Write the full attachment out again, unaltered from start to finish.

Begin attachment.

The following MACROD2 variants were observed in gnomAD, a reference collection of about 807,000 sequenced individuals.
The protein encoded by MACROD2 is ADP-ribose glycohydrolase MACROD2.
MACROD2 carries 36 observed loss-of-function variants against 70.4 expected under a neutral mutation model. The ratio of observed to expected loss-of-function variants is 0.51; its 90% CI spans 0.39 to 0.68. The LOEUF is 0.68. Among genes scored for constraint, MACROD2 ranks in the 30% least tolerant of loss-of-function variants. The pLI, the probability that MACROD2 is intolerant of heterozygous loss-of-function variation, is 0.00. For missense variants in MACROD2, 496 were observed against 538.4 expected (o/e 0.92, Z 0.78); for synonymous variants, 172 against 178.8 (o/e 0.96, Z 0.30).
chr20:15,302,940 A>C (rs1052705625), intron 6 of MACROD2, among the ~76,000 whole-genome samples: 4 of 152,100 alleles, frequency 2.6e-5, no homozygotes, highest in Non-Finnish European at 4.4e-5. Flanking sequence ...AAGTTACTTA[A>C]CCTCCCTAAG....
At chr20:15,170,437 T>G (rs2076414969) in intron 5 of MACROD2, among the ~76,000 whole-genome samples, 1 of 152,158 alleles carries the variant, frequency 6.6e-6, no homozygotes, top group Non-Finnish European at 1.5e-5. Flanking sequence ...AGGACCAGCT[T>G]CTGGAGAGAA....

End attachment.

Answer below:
The following MACROD2 variants were observed in gnomAD, a reference collection of about 807,000 sequenced individuals.
The protein encoded by MACROD2 is ADP-ribose glycohydrolase MACROD2.
MACROD2 carries 36 observed loss-of-function variants against 70.4 expected under a neutral mutation model. The ratio of observed to expected loss-of-function variants is 0.51; its 90% CI spans 0.39 to 0.68. The LOEUF is 0.68. Among genes scored for constraint, MACROD2 ranks in the 30% least tolerant of loss-of-function variants. The pLI, the probability that MACROD2 is intolerant of heterozygous loss-of-function variation, is 0.00. For missense variants in MACROD2, 496 were observed against 538.4 expected (o/e 0.92, Z 0.78); for synonymous variants, 172 against 178.8 (o/e 0.96, Z 0.30).
chr20:15,302,940 A>C (rs1052705625), intron 6 of MACROD2, among the ~76,000 whole-genome samples: 4 of 152,100 alleles, frequency 2.6e-5, no homozygotes, highest in Non-Finnish European at 4.4e-5. Flanking sequence ...AAGTTACTTA[A>C]CCTCCCTAAG....
At chr20:15,170,437 T>G (rs2076414969) in intron 5 of MACROD2, among the ~76,000 whole-genome samples, 1 of 152,158 alleles carries the variant, frequency 6.6e-6, no homozygotes, top group Non-Finnish European at 1.5e-5. Flanking sequence ...AGGACCAGCT[T>G]CTGGAGAGAA....